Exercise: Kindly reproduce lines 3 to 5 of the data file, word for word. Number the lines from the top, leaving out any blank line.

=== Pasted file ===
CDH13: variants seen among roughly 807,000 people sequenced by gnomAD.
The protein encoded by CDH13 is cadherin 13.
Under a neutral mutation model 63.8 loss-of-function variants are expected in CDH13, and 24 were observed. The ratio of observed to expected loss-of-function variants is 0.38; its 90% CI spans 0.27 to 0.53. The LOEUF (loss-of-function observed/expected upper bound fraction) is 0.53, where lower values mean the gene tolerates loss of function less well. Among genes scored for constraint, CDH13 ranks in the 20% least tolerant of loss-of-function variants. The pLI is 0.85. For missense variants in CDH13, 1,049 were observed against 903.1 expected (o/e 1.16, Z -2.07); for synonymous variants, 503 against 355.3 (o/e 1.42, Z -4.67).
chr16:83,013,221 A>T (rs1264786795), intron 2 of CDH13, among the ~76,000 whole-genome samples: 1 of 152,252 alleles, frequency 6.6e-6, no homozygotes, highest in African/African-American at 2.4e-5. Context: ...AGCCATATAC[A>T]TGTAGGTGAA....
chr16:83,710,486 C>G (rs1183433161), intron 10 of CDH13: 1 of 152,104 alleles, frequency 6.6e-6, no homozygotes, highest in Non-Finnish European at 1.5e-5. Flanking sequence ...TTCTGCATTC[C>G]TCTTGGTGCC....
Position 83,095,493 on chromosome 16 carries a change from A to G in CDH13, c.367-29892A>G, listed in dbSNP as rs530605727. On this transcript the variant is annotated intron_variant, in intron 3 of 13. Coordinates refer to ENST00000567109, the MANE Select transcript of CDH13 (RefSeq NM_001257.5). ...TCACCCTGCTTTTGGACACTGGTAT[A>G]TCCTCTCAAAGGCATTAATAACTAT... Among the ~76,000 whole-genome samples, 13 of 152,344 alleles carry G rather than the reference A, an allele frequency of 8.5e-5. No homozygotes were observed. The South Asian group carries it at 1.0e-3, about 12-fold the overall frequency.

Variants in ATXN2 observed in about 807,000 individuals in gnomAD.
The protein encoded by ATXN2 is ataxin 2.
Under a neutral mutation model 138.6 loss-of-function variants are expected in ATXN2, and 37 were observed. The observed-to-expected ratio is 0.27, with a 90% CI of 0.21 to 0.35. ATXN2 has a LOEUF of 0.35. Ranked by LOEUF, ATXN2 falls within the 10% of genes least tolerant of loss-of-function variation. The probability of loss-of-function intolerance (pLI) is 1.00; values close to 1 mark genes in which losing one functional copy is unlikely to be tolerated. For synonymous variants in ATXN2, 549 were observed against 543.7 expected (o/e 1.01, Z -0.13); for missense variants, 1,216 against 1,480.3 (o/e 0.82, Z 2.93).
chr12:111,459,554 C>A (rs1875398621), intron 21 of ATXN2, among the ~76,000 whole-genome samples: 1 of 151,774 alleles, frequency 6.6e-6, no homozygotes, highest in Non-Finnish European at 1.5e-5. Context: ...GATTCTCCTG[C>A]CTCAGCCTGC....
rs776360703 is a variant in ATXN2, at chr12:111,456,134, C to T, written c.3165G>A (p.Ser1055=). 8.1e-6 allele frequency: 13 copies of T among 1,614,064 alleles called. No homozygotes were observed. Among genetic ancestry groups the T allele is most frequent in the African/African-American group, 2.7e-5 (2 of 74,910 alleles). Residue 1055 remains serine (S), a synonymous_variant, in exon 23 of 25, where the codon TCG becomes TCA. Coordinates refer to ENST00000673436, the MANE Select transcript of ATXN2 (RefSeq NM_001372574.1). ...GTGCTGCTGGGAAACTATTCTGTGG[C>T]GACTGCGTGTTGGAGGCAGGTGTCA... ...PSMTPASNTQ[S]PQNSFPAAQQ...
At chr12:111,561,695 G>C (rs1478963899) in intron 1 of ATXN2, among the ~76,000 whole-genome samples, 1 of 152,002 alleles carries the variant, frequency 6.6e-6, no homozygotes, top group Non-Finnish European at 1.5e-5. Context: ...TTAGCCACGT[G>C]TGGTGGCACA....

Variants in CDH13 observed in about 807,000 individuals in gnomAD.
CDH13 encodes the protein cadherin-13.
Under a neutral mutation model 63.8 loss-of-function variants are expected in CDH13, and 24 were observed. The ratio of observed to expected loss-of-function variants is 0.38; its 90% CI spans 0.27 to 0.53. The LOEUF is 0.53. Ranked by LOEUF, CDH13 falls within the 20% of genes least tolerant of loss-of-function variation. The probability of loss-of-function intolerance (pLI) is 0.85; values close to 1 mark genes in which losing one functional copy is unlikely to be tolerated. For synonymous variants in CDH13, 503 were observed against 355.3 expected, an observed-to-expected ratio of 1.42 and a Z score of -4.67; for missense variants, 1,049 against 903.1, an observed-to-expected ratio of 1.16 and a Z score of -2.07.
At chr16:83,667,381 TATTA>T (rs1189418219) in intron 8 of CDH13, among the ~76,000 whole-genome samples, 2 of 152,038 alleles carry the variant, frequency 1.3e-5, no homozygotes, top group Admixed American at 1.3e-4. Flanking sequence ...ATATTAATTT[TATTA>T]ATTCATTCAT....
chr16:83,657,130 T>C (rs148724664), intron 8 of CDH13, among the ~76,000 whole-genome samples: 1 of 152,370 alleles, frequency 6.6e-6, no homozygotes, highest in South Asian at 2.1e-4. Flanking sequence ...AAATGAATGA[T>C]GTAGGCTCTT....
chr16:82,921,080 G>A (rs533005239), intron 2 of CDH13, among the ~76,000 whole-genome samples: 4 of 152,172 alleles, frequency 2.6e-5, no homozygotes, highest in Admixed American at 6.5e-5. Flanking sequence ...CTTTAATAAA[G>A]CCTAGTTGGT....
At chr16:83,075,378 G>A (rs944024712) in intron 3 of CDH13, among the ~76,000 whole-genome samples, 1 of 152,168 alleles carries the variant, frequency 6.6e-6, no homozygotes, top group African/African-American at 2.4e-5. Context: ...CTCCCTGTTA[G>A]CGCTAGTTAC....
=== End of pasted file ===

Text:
Under a neutral mutation model 63.8 loss-of-function variants are expected in CDH13, and 24 were observed. The ratio of observed to expected loss-of-function variants is 0.38; its 90% CI spans 0.27 to 0.53. The LOEUF (loss-of-function observed/expected upper bound fraction) is 0.53, where lower values mean the gene tolerates loss of function less well. Among genes scored for constraint, CDH13 ranks in the 20% least tolerant of loss-of-function variants. The pLI is 0.85. For missense variants in CDH13, 1,049 were observed against 903.1 expected (o/e 1.16, Z -2.07); for synonymous variants, 503 against 355.3 (o/e 1.42, Z -4.67).
chr16:83,013,221 A>T (rs1264786795), intron 2 of CDH13, among the ~76,000 whole-genome samples: 1 of 152,252 alleles, frequency 6.6e-6, no homozygotes, highest in African/African-American at 2.4e-5. Context: ...AGCCATATAC[A>T]TGTAGGTGAA....
chr16:83,710,486 C>G (rs1183433161), intron 10 of CDH13: 1 of 152,104 alleles, frequency 6.6e-6, no homozygotes, highest in Non-Finnish European at 1.5e-5. Flanking sequence ...TTCTGCATTC[C>G]TCTTGGTGCC....